With one video, Russia’s Chechnya problem seizes the spotlight again

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With one video, Russia’s Chechnya problem seizes the spotlight again

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In theory, Russian law applies everywhere within Russia’s borders. But over and over, the Chechen republic proves exempt from those rules, no matter how blatant a violation might be.

Russia’s military devastated and pacified Chechnya, and the Russian government expended vast subsidies to reconstruct Chechnya’s war-ravaged cities. But Moscow did little to reintegrate the republic with Russia’s constitutional order, and instead left Chechnya in the hands of a leader who swore fealty to Russia but otherwise had a free hand to run the republic as he wished.

The result is a maze of contradictions, a statelet where Russian law is openly flouted and the official ideology is at odds with the Russian constitution. Yet it is one of the most Kremlin-loyal regions in Russia, and has sent thousands of volunteers to fight alongside Russian troops in the war against Ukraine.

“The regime installed in Chechnya was intended to establish peace and insure Moscow’s control,” says Andrei Kolesnikov, a Carnegie expert who continues to live and work in Russia.

But very quickly it became more of a feudal system in which Mr. Kadyrov enjoys absolute personal power, Chechen clans are his vassals, and his rule is enforced by brutal methods, Mr. Kolesnikov adds. Mr. Kadyrov repays Russian President Vladimir Putin for Moscow’s lavish subsidies with total loyalty. “The tasks set by Putin were solved by such methods, and he was satisfied. Kadyrov demonstrates absolute loyalty, and that is why he is permitted more than the heads of other regions.”

Oleg Orlov, chairman of the now-banned Memorial human rights center, says the odd relationship of Chechnya to Russia is not an accident, but part of Mr. Putin’s design for governing his huge, fractious country.

“At some point I thought Chechnya was a tiger that had escaped from the Kremlin’s control,” he says. “But then I realized that it’s part of Putin’s system of balances and counter-balances. Even if the situation with Chechnya is bad for Russia, it’s good for Putin.”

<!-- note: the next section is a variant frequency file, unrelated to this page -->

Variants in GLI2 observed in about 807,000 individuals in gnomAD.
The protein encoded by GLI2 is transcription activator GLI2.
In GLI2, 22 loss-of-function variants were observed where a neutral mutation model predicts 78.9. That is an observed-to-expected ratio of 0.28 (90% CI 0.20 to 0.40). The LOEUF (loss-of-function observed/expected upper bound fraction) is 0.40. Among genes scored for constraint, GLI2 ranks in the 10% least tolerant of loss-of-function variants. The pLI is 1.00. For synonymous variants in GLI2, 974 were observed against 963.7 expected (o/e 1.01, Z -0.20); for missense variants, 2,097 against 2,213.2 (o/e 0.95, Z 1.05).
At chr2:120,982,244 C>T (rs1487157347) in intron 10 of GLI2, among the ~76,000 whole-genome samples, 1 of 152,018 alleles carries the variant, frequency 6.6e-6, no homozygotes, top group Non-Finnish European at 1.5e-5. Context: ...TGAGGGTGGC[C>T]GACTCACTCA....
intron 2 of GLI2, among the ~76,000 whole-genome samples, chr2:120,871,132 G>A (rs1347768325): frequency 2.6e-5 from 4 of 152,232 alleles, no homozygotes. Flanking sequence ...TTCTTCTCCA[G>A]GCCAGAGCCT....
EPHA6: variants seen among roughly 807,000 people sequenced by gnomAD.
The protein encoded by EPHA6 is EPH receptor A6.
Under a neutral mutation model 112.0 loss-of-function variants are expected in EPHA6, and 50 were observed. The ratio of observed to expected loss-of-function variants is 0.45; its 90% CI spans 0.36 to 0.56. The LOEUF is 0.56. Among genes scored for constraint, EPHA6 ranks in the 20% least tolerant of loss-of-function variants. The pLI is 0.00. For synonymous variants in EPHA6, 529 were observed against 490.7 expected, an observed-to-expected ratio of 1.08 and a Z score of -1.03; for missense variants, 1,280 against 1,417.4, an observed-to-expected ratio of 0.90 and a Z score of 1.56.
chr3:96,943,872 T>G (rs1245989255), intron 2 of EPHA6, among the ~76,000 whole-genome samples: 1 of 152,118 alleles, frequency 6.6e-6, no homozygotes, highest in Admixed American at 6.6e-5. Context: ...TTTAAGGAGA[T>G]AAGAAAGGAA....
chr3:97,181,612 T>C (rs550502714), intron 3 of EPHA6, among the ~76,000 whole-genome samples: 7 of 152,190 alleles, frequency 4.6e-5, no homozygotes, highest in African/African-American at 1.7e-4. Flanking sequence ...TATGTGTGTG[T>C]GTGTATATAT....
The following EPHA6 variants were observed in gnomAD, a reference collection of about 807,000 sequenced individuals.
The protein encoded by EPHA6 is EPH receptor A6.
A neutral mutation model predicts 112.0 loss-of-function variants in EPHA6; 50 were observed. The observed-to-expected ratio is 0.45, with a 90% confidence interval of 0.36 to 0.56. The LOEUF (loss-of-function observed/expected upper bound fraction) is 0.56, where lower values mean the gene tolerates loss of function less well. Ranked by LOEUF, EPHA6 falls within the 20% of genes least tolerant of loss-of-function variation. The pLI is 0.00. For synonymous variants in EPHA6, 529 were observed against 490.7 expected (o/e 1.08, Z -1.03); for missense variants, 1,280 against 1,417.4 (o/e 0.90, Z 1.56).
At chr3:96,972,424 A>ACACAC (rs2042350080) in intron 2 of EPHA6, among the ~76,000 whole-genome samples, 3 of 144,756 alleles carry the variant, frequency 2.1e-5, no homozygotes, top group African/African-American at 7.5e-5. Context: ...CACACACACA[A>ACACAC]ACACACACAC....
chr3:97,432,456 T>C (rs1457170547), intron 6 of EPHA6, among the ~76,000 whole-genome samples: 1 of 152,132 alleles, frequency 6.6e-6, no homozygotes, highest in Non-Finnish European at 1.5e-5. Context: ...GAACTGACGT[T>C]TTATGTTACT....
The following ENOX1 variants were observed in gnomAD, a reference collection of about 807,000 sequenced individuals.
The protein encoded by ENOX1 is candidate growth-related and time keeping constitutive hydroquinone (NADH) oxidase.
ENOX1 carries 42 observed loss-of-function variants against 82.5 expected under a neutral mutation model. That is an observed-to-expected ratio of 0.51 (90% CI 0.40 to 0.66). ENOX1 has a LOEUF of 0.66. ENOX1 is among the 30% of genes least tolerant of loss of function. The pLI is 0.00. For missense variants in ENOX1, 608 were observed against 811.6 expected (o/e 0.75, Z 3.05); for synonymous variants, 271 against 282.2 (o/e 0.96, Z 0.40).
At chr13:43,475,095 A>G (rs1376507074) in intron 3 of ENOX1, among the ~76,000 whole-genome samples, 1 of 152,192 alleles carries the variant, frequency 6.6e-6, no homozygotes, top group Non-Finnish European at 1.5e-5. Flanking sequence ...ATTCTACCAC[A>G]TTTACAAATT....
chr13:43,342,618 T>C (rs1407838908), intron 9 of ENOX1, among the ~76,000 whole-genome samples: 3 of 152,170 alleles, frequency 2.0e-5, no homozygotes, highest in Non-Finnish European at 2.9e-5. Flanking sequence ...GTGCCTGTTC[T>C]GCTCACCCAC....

But it comes at the price of constant embarrassment, as inner-Chechen reality and Mr. Kadyrov’s wayward behavior repeatedly underlines the difficult and disconnected nature of Chechnya’s place within the Russian Federation.

“Chechnya is a separate state”

After Mr. Kadyrov posted the video of his son beating an incarcerated man,  Kremlin spokesman Dmitry Peskov opened his daily briefing with a shrug: “I will say from the start, I will not comment on the story about Kadyrov’s son,” he said. “I don’t want to.”

Mr. Orlov says the Kremlin faces a dilemma. “It’s not the first time Kadyrov has put the Kremlin in a stupid situation. They can neither support nor condemn him. Peskov’s reaction shows they are at a loss for what to do.”

Many other Russian politicians and thought leaders offered what was, for many, unusual expressions of outrage. “This is a challenge to Russia’s whole legal system. They have shown that they can commit crimes and nothing will happen to them,” said Eva Merkacheva, a member of Russia’s Presidential Human Rights Council.

The abused prisoner was a Russian man, Nikita Zhuravel, from Volgograd, a city far from Chechnya. Last May, Mr. Zhuravel was charged with “insulting the feelings of religious believers” by allegedly burning a Koran outside of a mosque at the behest of Ukrainian intelligence services, it was claimed.

The alleged crime was local, but Russia’s Investigative Committee used strained reasoning to transfer the incarcerated man to Chechnya for “further investigation.” How Mr. Kadyrov’s son happened to gain access to the prisoner, and given the opportunity to beat him, has not been explained.

“For Russian intellectuals it emphasizes that Chechnya is a separate state, outside the laws of Russia,” says Grigory Shvedov, editor of Caucasian Knot, an independent online news site that covers the Caucasian region. “Ordinary Russians usually don’t think about Chechnya, or care whether it recognizes Russian law. But this case draws attention, because it shows that any regular Russian person could be sent to Chechnya and end up a similar situation. … This person, Zhuravel, might be innocent, just a victim, but he was just taken to Grozny and treated in such a way.”

Even many Chechens appear to have been shocked by the arbitrary violence depicted in the video, Mr. Kadyrov’s declared pride in his son’s actions, and the absolute impunity it suggests. Chechnya’s state TV channel posted a survey on its Telegram channel last week asking viewers how they react to the younger Kadyrov’s actions. The first wave of responses showed 84% took it negatively, and even after the results began to shift, 55% were still condemning it a full day later.

Despite such embarrassments, some analysts say the Chechnya model has been a success for the Kremlin, one that perhaps holds implications for the final outcome of the ongoing war in Ukraine. It took a long time to subdue Chechnya, the human costs were horrific, and the expense of rebuilding it exorbitant. Yet the long-term result is a territory under reliable control, with a pacified population and a loyal leader.

“The Chechnya model not only looks like a success from Moscow’s point of view,” says Mr. Shvedov. “It comes down to the question of price: Was it worth it? And it looks like the answer is yes, that’s a price [the Kremlin is] willing to pay.”


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